Both the MTP and PCPNDT Acts, have the imprudent women’s right to control their bodies, they should be restricted by law from choosing specifically to abort female fetuses. Even though the feminist position on sex-selective abortions in India has witnessed significant shifts In the last four decades[3] feminist position on sex selective abortions in India have seen remarkable shifts. Be it liberalising the abortions through the MTP Act or the penalisation of sex-selective abortions through the PCPNDT Act, a woman’s bodily autonomy still primarily lies with the state rather than with her.


On one hand, the confidentiality clause in the MTP Act mandates medical practitioners to protect the person’s identity, and on the other, the POCSO Act and the Code of Criminal Procedure (CrPC) require mandatory reporting of sexual offences against children.[4] Some of the changes like the extension of gestational limits, the inclusion of unmarried women can be laudable but the amendment still leaves the women with various restrictions and conditions, which in many cases become an impediment in access to safe abortion. While a women suffers injury, pain at every point she again has to restrict herself in the boundaries of the law and she is still dependent on the law to get various permissions that are only given in some cases. In Justice K.S.Puttaswamy (Retd.) vs. the Union Of India And Others[5], Justice Chandrachud stated that, ‘reproductive choice is a personal liberty guaranteed under Article 21 of the Indian constitution, which, despite laying a robust jurisprudence on reproductive rights and the privacy of a woman, does not translate into a fundamental shift in power from the doctor to the woman seeking an abortion’. Therefore, we may say that abortion still lies with the state led conditions and not with the rights of the state.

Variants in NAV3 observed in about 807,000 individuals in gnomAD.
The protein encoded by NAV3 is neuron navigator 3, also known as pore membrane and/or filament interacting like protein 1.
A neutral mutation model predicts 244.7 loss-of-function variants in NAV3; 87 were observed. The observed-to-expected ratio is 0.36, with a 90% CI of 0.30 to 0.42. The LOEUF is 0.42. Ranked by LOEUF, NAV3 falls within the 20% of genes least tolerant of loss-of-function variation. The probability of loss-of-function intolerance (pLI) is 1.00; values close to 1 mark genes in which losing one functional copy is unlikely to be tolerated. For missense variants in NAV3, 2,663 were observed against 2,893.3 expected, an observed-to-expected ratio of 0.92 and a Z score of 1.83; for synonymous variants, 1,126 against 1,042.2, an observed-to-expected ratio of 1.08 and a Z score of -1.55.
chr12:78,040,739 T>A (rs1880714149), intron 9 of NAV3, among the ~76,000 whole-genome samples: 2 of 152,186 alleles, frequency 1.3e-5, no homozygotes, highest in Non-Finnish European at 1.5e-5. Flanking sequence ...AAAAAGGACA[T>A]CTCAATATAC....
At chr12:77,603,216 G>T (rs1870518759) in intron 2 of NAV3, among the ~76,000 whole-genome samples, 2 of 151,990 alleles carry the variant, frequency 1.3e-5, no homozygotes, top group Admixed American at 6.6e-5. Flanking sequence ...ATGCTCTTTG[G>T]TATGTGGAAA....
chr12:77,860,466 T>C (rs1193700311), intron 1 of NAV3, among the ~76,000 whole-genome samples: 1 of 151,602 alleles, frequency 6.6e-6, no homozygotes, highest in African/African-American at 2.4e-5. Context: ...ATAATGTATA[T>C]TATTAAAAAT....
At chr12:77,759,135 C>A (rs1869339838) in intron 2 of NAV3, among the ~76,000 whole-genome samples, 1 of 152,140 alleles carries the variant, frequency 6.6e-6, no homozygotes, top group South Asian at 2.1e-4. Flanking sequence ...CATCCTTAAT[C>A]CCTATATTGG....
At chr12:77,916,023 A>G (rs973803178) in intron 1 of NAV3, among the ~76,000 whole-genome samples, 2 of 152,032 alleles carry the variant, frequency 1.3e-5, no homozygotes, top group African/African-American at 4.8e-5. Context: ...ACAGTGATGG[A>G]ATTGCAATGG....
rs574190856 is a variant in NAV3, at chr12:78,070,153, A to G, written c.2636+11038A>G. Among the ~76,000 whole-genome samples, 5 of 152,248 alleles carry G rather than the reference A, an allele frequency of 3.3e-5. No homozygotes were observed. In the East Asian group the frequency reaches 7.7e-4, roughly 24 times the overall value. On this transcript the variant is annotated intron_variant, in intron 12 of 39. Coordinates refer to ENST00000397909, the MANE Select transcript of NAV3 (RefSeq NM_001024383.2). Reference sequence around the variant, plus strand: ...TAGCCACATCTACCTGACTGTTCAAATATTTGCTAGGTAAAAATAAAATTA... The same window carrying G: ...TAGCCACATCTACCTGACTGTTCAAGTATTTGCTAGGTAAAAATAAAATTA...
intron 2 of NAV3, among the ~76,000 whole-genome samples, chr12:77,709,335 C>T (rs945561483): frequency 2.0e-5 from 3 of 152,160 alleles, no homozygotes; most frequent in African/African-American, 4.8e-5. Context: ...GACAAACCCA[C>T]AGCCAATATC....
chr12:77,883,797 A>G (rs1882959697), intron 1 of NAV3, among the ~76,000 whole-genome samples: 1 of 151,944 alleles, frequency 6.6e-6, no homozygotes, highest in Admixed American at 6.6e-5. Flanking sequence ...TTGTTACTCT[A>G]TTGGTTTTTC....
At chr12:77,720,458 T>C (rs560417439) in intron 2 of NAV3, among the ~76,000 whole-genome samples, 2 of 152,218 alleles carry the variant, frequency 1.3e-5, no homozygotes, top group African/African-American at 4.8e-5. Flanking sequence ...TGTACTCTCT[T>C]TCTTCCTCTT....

The process of abortion includes the life of such a person  who’s consent is not even taken, who has not even seen his/her parents, has not even kept a foot on this beautiful world. Such activities should completely be restricted in the society. There are certain circumstances where an abortion becomes need of the hour. For that situation the laws govern the people. The newly amended abortion laws are beneficial to some extent as they have a bit of the modern approach but still certain conditions regarding abortion lies with the state and the women doesn’t have their rights.


Authored by Lakshay Sharma

Student, HPUILS Shimla

Image Source

[1] https://www.who.int/india/news/detail/13-04-2021-india-s-amended-law-makes-abortion-safer-and-more-accessible

[3] https://thewire.in/health/medical-termination-of-pregnancy-amendment-bill-women-abortions

[4] https://www.thehindu.com/opinion/op-ed/seeking-a-more-progressive-abortion-law/article30777394.ece